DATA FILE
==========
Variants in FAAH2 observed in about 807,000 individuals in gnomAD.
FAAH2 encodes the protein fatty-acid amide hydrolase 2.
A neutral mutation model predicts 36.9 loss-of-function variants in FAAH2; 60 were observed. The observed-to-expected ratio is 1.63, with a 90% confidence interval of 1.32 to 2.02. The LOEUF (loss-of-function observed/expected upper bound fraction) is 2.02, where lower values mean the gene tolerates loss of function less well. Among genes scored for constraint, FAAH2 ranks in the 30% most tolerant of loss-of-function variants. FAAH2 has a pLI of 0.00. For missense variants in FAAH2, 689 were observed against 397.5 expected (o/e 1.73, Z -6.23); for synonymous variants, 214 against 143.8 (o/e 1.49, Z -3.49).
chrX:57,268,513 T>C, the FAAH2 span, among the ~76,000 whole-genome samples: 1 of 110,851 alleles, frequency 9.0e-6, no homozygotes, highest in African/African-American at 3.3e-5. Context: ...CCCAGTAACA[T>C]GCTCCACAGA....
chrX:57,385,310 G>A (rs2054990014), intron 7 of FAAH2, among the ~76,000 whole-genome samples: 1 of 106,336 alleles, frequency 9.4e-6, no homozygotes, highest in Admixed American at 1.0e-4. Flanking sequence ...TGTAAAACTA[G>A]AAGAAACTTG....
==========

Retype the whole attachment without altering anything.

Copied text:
Variants in FAAH2 observed in about 807,000 individuals in gnomAD.
FAAH2 encodes the protein fatty-acid amide hydrolase 2.
A neutral mutation model predicts 36.9 loss-of-function variants in FAAH2; 60 were observed. The observed-to-expected ratio is 1.63, with a 90% confidence interval of 1.32 to 2.02. The LOEUF (loss-of-function observed/expected upper bound fraction) is 2.02, where lower values mean the gene tolerates loss of function less well. Among genes scored for constraint, FAAH2 ranks in the 30% most tolerant of loss-of-function variants. FAAH2 has a pLI of 0.00. For missense variants in FAAH2, 689 were observed against 397.5 expected (o/e 1.73, Z -6.23); for synonymous variants, 214 against 143.8 (o/e 1.49, Z -3.49).
chrX:57,268,513 T>C, the FAAH2 span, among the ~76,000 whole-genome samples: 1 of 110,851 alleles, frequency 9.0e-6, no homozygotes, highest in African/African-American at 3.3e-5. Context: ...CCCAGTAACA[T>C]GCTCCACAGA....
chrX:57,385,310 G>A (rs2054990014), intron 7 of FAAH2, among the ~76,000 whole-genome samples: 1 of 106,336 alleles, frequency 9.4e-6, no homozygotes, highest in Admixed American at 1.0e-4. Flanking sequence ...TGTAAAACTA[G>A]AAGAAACTTG....